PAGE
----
THE American Rescue Plan Act funding that the CNMI received will help the Commonwealth recover from the economic impact of the Covid-19 pandemic, Finance Secretary David DLG Atalig said.
In an interview after the presentation of the administration's ARPA spending plan, Atalig said it was a great day to finally share to the people the priorities and goals of the administration and how federal funds will “help us recover from this pandemic, and allow us to bring back a lot of [government] employees who were furloughed as we lift the austerity measures so the government can provide better programs and give the best services to the community.”
Of the $481.8 million ARPA funds that the CNMI received, the administration allocated $75 million for the current fiscal year and $175 million for FY 2022.
The CNMI government’s local budget for the current fiscal year is $98 million.
Atalig said the administration will submit an updated budget to the Legislature in July.
In April, the governor submitted to the Legislature his initial plan for ARPA funds.
But Atalig said, “Now that we have more information and U.S. Treasury guidance, we know what we can and can't do, and that is why we will update our budget submission.”
Rep. Edwin K. Propst, for his part, said he will ask Speaker Edmund S. Villagomez to formally invite the governor to the House to answer questions.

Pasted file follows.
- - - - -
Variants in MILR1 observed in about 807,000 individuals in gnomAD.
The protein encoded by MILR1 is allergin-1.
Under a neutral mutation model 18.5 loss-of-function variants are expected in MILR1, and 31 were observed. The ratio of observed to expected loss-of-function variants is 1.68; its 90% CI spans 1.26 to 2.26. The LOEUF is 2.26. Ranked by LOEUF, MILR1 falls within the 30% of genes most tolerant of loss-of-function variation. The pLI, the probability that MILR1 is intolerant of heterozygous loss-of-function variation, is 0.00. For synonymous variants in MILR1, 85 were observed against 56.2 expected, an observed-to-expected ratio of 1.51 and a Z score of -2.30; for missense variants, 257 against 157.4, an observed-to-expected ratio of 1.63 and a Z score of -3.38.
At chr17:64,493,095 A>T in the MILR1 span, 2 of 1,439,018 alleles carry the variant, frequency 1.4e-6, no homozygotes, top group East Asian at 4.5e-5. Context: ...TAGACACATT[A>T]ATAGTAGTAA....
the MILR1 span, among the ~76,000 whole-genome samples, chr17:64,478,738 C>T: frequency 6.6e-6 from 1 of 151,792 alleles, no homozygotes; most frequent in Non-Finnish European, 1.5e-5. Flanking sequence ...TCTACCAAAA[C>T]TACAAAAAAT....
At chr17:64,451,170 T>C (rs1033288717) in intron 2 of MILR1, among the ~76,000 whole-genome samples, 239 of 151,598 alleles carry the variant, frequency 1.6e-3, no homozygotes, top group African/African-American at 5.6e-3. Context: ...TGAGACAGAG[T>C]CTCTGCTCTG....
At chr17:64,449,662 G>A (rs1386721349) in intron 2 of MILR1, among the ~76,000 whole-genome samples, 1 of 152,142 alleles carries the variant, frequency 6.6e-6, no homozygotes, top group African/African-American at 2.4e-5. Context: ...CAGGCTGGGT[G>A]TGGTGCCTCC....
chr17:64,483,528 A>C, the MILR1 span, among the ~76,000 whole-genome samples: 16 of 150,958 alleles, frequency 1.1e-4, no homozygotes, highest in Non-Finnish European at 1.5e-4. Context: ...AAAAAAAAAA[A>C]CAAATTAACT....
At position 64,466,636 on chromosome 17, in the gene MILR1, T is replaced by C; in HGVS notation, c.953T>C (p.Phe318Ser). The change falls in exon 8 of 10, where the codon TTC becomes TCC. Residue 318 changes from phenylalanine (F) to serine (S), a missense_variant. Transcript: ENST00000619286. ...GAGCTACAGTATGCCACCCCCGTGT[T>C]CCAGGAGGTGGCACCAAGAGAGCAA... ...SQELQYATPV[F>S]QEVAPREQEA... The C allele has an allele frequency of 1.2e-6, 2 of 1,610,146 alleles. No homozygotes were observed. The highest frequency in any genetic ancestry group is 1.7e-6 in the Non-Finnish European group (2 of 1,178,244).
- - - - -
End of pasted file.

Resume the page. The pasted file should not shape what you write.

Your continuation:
Another member of the House leadership, Rep. Celina Babauta, said the Senate has yet to act on House Bill 22-33, which seeks “accountability and transparency” in spending the ARPA funds.
She said, “It does not look promising that it will pass in the Senate,” which has referred the bill to its Fiscal Affairs Committee chaired by Sen. Victor B. Hocog.
Despite a 10-10 vote on the bill, the House leadership declared that it was passed after the speaker invoked a House rule that allows him to vote twice.
The attorney general, however, has questioned the constitutionality of the House rule.
Babauta said it is the constitutional duty of the House of Representatives to appropriate funds.
“If there is one job we have to comply with under the Constitution, it is to approve a balanced budget no later than Oct. 1 of every year. It is our raison d'être. We have heard excuses that the legislature cannot appropriate federal funds. There are no statutes that speak to these untruthful and baseless excuses so what is the basis of their misinformed statements? I have asked these same questions of the senate. Their response has been similarly unsatisfactory, to say the least,” she said.
“The House Standing Committee on Ways & Means has been conducting budget hearings since the first week of May to hear directly from the department heads. It is my observation that department heads are being kept in the dark about ARPA funds. There are many discrepancies between what we are hearing from them and what is being presented. Please help us help you; call your senators to pass H.B. 22-33 today.”
No public hearings were conducted and no committee report was attached to the bill before the House leadership acted on it.
The AG’s office earlier informed the House that there was no need for the bill, and that federal law includes restrictions and other rules that the CNMI must follow in the expenditure of ARPA funds.
As for the Office of the Public Auditor, it questioned the bill’s provision that would saddle OPA with an “unrealistic mandate” and affect its independence.